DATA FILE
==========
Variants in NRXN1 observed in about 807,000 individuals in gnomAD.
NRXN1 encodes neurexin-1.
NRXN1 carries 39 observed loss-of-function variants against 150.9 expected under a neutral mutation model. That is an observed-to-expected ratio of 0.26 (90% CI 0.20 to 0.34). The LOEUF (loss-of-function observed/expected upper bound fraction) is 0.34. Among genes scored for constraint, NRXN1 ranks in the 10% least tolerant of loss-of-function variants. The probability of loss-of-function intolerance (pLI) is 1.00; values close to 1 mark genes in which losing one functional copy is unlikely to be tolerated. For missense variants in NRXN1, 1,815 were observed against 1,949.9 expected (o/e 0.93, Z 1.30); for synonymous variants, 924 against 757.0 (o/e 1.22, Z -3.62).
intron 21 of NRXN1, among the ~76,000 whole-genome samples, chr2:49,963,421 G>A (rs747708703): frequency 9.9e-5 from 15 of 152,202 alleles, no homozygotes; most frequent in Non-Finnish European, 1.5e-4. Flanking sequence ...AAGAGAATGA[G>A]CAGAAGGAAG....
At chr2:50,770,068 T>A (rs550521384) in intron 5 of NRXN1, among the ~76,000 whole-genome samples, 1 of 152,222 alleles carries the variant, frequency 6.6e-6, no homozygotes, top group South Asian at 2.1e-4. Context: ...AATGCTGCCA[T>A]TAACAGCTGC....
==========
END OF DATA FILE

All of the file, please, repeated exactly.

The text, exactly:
Variants in NRXN1 observed in about 807,000 individuals in gnomAD.
NRXN1 encodes neurexin-1.
NRXN1 carries 39 observed loss-of-function variants against 150.9 expected under a neutral mutation model. That is an observed-to-expected ratio of 0.26 (90% CI 0.20 to 0.34). The LOEUF (loss-of-function observed/expected upper bound fraction) is 0.34. Among genes scored for constraint, NRXN1 ranks in the 10% least tolerant of loss-of-function variants. The probability of loss-of-function intolerance (pLI) is 1.00; values close to 1 mark genes in which losing one functional copy is unlikely to be tolerated. For missense variants in NRXN1, 1,815 were observed against 1,949.9 expected (o/e 0.93, Z 1.30); for synonymous variants, 924 against 757.0 (o/e 1.22, Z -3.62).
intron 21 of NRXN1, among the ~76,000 whole-genome samples, chr2:49,963,421 G>A (rs747708703): frequency 9.9e-5 from 15 of 152,202 alleles, no homozygotes; most frequent in Non-Finnish European, 1.5e-4. Flanking sequence ...AAGAGAATGA[G>A]CAGAAGGAAG....
At chr2:50,770,068 T>A (rs550521384) in intron 5 of NRXN1, among the ~76,000 whole-genome samples, 1 of 152,222 alleles carries the variant, frequency 6.6e-6, no homozygotes, top group South Asian at 2.1e-4. Context: ...AATGCTGCCA[T>A]TAACAGCTGC....